According to the National Weather Service, freezing rain would be possible on Sunday in the southern parts of Illinois, Missouri and Ohio. Snow was forecast for parts of Kansas, Missouri, Iowa, Illinois, Indiana and Ohio.

In other parts of the country, flights were canceled because of ice on the runways, snow collapsed a skating rink roof in Massachusetts, and local governments readied for what was to come.


In Texas, freezing rain for the second consecutive day left highways slick and forced the cancellation of nearly another 1,000 flights Saturday at Dallas-Fort Worth International Airport, one of the nation’s biggest airline hubs.

The chaos Saturday was on top of about 600 flights nixed Friday, forcing about 5,000 travelers to spend the night at the airport, spokesman David Magana said. The airport provided cots, blankets and toiletries to the passengers, plus kept concession stands open overnight, Magana said.

"As it is with travel, we just have to take everything with stride, and you know there’s no controlling these situations. You just have to see what happens," said Eric Melzer, who was at the airport on Saturday trying to find out if he would be able to fly to Minnesota.

Freezing rain coated an area stretching from about 40 miles north of Austin up to the Dallas area, said Anthony Bain, a weather service forecaster based in Fort Worth. Temperatures were expected to be above freezing by late Saturday afternoon and into the upper 40s on Sunday, Bain said. Rain was expected on Sunday for much of Texas, as well as Arkansas and Oklahoma.


A youth hockey team escaped without injury when part of a snow-weighted roof collapsed at a Canton, Massachusetts, skating rink on Saturday morning, officials said.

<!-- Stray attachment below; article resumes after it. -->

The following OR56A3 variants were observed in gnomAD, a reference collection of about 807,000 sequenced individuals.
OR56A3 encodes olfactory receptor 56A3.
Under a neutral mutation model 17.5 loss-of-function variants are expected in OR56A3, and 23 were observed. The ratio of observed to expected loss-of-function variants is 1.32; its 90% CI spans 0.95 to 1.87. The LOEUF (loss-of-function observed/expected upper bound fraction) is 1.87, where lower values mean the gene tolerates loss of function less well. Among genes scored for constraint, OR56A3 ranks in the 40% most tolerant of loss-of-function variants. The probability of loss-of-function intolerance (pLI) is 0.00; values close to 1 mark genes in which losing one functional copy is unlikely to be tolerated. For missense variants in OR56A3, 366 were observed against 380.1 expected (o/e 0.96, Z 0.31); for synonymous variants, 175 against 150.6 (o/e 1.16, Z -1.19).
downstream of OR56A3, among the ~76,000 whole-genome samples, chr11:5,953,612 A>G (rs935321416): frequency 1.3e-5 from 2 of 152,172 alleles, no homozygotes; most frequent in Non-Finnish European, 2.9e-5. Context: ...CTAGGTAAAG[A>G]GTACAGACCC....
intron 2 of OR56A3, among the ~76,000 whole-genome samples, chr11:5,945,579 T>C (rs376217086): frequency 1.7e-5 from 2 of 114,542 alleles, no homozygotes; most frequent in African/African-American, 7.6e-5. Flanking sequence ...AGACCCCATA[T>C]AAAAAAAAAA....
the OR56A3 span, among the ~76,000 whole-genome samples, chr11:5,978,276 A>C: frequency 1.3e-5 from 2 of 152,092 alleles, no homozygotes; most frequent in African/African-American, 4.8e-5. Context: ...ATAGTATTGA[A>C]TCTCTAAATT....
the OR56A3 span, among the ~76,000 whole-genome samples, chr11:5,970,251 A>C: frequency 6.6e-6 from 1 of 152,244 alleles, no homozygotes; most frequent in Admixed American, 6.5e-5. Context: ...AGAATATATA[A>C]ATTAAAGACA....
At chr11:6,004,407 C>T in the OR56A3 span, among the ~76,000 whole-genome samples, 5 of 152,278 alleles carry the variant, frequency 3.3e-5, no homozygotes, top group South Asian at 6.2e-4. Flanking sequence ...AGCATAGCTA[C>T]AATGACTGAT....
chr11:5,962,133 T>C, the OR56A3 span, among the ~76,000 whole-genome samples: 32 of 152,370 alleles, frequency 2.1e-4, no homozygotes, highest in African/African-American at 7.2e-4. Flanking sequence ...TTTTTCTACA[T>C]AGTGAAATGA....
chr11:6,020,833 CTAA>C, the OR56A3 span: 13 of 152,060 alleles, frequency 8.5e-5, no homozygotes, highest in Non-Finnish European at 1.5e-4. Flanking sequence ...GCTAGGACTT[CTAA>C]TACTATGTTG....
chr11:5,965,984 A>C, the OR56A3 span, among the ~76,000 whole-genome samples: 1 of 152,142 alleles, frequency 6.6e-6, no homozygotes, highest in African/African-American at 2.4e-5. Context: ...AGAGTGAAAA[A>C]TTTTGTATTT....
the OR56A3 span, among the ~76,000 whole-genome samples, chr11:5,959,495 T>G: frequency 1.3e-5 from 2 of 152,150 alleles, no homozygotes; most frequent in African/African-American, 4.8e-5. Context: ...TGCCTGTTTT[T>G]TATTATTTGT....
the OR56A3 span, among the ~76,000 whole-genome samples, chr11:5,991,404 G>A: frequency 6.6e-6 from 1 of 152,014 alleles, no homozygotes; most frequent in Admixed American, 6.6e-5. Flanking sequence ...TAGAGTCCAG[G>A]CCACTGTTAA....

Police said the rear portion of the roof at the Metropolis Skating Rink began to fail as a Norwood youth team was inside. But the team was able to get out along with parents and rink workers. All are safe and accounted for.

Witnesses said they heard a series of loud bangs before the collapse that alerted them to get out.


New York City’s sanitation department has issued a snow alert for Sunday starting after noon. Snowplows, salt spreaders and staff are ready to go into action to clear a possible few inches.


Boulder, Colorado, is temporarily waiving fines and fees for residents who do not clear their public sidewalks because of the extreme weather conditions. The city doesn’t want people getting hurt trying remove thick ice and snow, code enforcement supervisor Jennifer Riley said. The city usually gives residents 24 hours to clear their sidewalks, beginning once the National Weather Service declares a snowstorm over, according to the Boulder Daily Camera.

Residents who fail to clear the sidewalks usually are liable for a civil penalty and the cost of a contractor to remove the snow.


Northern Arizona has evaded getting hit by what was expected to be the biggest winter storm to date.

The National Weather Service said Saturday that snow and rain fell overnight in a scattered fashion across the region thanks to warmer air. Flagstaff, which was expected to get 17 inches of snow by the end of the weekend, received only half an inch in the morning. Meteorologists say warm air heading into central and northern Arizona pushed snowfall to higher elevated areas. But a cold front is expected to arrive on Monday and possibly bring several inches of snow.

The storm system in California was predicted to spread moisture eastward to Arizona and New Mexico by Saturday night.